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L'Embarquement pour Cythère

Embarquement pour Cythère by Jean-Antoine Watteau (Photo credit: Wikipedia)

Despite the use of the word for” (pour), it would appear that Jean-Antoine Watteau‘s (10 October 1684 – 18 July 1721) The Embarkation for Cythera (Louvre version)[1] depicts “a departure” from the island of Cythera, the birthplace of Venus. According to Wikipedia, whose sites dealing with our subject have just been maintained, it symbolises “the temporary nature of human happiness.” (See Fêtes galantes, Wikipedia).

Consequently, the characters portrayed in The Embarkation for Cythera are not leaving our imperfect world to travel to the land of love, a land resembling Madeleine de Scudéry‘s (15 November 1607 – 2 June 1701), famous carte de Tendre, or map of Tendre. They are returning from Cythera.


Antoine Watteau by Rosalba Carriera, 1721 (Photo credit: Wikipedia)

Fêtes galantes: a Definition

The term fêtes galantes was adopted by the French Academy in 1717 when Watteau handed in his reception piece to the Académie royale de peinture et de sculpture. It refers to a “courtship party,” such as a masquerade ball that borrowed from the commedia dell’arte. In particular, the term Fêtes galantes refers to the paintings of Jean-Antoine Watteau who died of tuberculosis at the age of 36, in 1721. There had never been paintings such as Jean-Antoine Watteau’s. (See Fêtes galantes, Wikipedia.) Watteau therefore set a trend. Jean-Honoré Fragonard, François Boucher, Nicolas Lancret and other 18th-century artists also depicted Fêtes galantes. It became a favourite subject matter and it fits the reign of Louis XV (Louis quinze).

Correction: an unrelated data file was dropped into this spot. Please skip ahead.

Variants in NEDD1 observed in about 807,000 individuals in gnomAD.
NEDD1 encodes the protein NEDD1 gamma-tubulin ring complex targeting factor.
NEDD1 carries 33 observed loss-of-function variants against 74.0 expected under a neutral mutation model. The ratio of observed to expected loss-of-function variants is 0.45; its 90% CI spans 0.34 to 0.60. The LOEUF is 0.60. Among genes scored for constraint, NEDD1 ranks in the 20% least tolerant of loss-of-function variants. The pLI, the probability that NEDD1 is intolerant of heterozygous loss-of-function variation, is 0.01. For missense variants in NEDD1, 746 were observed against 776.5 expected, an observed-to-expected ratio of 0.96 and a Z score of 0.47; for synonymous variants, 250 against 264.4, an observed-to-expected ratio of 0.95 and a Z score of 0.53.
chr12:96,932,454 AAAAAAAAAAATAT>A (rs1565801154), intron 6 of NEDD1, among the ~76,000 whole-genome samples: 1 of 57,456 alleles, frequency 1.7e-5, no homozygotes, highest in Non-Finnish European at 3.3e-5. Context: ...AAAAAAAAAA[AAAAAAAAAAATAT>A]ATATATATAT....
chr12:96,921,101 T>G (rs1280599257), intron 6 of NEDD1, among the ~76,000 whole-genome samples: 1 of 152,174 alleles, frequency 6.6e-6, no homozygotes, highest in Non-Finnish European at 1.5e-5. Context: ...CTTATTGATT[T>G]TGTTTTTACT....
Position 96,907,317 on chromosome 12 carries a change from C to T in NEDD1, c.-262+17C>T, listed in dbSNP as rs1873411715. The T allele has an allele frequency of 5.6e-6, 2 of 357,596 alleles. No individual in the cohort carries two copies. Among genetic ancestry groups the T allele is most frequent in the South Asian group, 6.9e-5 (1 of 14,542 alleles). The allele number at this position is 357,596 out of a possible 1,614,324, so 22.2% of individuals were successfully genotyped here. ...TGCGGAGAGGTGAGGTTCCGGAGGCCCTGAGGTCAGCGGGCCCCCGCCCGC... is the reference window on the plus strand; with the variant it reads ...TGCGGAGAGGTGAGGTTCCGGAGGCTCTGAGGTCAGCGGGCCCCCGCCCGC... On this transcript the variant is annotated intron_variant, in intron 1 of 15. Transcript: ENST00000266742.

Paintings, texts and Music

The Embarkation for Cythera is a painting rather than a text.  After Watteau, however, Fêtes galantes re-entered literary works and music. The best-known literary Fêtes galantes is a collection of poems by Paul Verlaine, published in 1869. The theme also suffuses Pierre Louÿs’ Les Chansons de Bilitis.

Verlaine’s Fêtes galantes were a source of inspiration to composers Gabriel FauréClaude Debussy, and Reynaldo Hahn, among others.

The 17th Century

  • galant homme vs homme galant
  • the salons

The term Fêtes galantes has roots in both 17th-century honnêteté and préciosité. As mentioned above, there was, on the one hand, a galant  homme. He was an honnête homme and at times a précieux. On the other hand, there was un homme galant or a womanizer. The homme galant, was unlikely to be invited to salons, with the possible exception of persons such as Giacomo Casanova (2 April 1725 – 4 June 1798).

The préciosité Molière mocked in his Précieuses ridicules (1659) developed in salons and promoted  Platonic love.  In Les Précieuses ridicules, Cathos expresses disdain for a man’s body. She tells her uncle Gorgibus:

Comment est-ce qu’on peut souffrir la pensée de coucher contre un homme vraiment nu ? (Les Précieuses ridicules, I, 4)